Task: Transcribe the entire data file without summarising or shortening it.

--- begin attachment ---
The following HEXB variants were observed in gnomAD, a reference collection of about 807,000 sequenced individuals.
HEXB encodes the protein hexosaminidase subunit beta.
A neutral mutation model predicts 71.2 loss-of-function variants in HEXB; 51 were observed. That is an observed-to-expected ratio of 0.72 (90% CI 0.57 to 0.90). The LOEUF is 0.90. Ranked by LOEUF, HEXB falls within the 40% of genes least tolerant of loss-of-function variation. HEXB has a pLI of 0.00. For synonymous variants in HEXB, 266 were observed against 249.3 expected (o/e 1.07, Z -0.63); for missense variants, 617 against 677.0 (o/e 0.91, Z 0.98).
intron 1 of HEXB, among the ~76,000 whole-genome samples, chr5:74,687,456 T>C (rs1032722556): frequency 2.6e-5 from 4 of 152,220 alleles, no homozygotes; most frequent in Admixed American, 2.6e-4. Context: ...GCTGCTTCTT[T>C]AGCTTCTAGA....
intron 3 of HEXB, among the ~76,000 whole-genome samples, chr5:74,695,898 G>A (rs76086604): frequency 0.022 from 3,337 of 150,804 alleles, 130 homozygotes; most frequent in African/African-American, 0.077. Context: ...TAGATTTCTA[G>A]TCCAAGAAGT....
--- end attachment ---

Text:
The following HEXB variants were observed in gnomAD, a reference collection of about 807,000 sequenced individuals.
HEXB encodes the protein hexosaminidase subunit beta.
A neutral mutation model predicts 71.2 loss-of-function variants in HEXB; 51 were observed. That is an observed-to-expected ratio of 0.72 (90% CI 0.57 to 0.90). The LOEUF is 0.90. Ranked by LOEUF, HEXB falls within the 40% of genes least tolerant of loss-of-function variation. HEXB has a pLI of 0.00. For synonymous variants in HEXB, 266 were observed against 249.3 expected (o/e 1.07, Z -0.63); for missense variants, 617 against 677.0 (o/e 0.91, Z 0.98).
intron 1 of HEXB, among the ~76,000 whole-genome samples, chr5:74,687,456 T>C (rs1032722556): frequency 2.6e-5 from 4 of 152,220 alleles, no homozygotes; most frequent in Admixed American, 2.6e-4. Context: ...GCTGCTTCTT[T>C]AGCTTCTAGA....
intron 3 of HEXB, among the ~76,000 whole-genome samples, chr5:74,695,898 G>A (rs76086604): frequency 0.022 from 3,337 of 150,804 alleles, 130 homozygotes; most frequent in African/African-American, 0.077. Context: ...TAGATTTCTA[G>A]TCCAAGAAGT....